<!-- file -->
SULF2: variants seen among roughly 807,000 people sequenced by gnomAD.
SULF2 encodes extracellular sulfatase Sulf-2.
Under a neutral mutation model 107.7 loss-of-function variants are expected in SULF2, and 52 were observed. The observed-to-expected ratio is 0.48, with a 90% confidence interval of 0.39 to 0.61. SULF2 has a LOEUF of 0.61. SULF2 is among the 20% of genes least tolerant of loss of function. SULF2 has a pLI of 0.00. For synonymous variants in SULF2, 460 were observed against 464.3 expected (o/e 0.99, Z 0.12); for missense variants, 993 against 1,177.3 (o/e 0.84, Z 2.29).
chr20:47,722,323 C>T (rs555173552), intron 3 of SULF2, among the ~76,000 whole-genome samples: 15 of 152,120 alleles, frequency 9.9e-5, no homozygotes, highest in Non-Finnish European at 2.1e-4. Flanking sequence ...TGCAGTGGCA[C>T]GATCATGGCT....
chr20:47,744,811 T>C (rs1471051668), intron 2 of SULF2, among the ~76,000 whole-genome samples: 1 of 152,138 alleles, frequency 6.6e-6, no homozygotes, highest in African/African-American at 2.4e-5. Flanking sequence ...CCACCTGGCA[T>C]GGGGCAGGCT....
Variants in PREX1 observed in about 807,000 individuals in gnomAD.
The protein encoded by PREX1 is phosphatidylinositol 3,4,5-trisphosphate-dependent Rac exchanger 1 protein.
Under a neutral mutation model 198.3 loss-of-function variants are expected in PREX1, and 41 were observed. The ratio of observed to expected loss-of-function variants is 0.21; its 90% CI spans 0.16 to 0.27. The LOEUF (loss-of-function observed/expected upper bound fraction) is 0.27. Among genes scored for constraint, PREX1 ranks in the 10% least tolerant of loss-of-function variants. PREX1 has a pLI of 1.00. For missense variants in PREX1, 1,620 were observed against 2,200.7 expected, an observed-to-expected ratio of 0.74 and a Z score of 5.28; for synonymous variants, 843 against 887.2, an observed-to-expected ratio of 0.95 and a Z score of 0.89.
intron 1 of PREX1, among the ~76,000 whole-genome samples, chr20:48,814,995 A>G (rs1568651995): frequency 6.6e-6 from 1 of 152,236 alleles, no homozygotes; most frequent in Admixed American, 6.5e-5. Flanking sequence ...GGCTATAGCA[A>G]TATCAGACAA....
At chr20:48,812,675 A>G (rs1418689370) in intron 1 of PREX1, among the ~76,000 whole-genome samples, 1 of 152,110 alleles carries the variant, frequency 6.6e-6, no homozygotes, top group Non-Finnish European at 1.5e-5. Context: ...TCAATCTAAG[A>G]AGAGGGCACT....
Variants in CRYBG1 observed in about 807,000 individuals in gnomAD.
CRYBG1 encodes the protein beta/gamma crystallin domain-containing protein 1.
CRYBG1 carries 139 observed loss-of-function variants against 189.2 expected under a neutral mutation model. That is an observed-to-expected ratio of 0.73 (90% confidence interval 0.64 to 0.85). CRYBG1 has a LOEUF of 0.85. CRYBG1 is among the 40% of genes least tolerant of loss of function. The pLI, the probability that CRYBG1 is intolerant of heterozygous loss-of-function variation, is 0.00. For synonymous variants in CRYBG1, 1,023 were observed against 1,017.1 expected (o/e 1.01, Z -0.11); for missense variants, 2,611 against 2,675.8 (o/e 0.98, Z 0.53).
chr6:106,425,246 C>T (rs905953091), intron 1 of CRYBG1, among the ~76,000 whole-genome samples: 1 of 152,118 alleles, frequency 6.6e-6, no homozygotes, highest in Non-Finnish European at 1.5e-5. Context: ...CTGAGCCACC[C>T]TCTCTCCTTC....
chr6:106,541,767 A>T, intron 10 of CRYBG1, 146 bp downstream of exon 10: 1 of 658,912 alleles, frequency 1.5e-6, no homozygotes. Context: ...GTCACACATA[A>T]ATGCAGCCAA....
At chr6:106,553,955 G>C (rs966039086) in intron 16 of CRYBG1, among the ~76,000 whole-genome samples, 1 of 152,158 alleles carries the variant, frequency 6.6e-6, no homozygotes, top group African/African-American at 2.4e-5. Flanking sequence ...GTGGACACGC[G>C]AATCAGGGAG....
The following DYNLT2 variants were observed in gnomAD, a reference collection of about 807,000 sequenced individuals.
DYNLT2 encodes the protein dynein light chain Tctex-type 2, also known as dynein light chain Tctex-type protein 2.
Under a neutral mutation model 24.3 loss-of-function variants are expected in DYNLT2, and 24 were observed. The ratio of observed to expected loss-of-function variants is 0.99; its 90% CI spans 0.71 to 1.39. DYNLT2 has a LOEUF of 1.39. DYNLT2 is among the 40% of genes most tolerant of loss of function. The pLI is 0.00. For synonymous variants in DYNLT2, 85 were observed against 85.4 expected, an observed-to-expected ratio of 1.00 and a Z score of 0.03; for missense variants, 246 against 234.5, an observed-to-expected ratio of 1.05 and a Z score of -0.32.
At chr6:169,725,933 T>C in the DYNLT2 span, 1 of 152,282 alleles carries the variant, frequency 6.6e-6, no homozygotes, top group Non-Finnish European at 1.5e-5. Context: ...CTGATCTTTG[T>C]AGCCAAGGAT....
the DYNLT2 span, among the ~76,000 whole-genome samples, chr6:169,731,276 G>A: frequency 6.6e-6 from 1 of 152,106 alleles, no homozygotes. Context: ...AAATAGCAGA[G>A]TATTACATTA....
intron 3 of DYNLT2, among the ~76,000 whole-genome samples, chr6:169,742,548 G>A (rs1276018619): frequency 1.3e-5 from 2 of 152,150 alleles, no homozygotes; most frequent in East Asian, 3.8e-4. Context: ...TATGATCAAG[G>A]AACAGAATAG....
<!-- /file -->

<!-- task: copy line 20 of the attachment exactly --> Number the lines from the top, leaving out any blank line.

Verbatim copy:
At chr6:169,725,933 T>C in the DYNLT2 span, 1 of 152,282 alleles carries the variant, frequency 6.6e-6, no homozygotes, top group Non-Finnish European at 1.5e-5. Context: ...CTGATCTTTG[T>C]AGCCAAGGAT....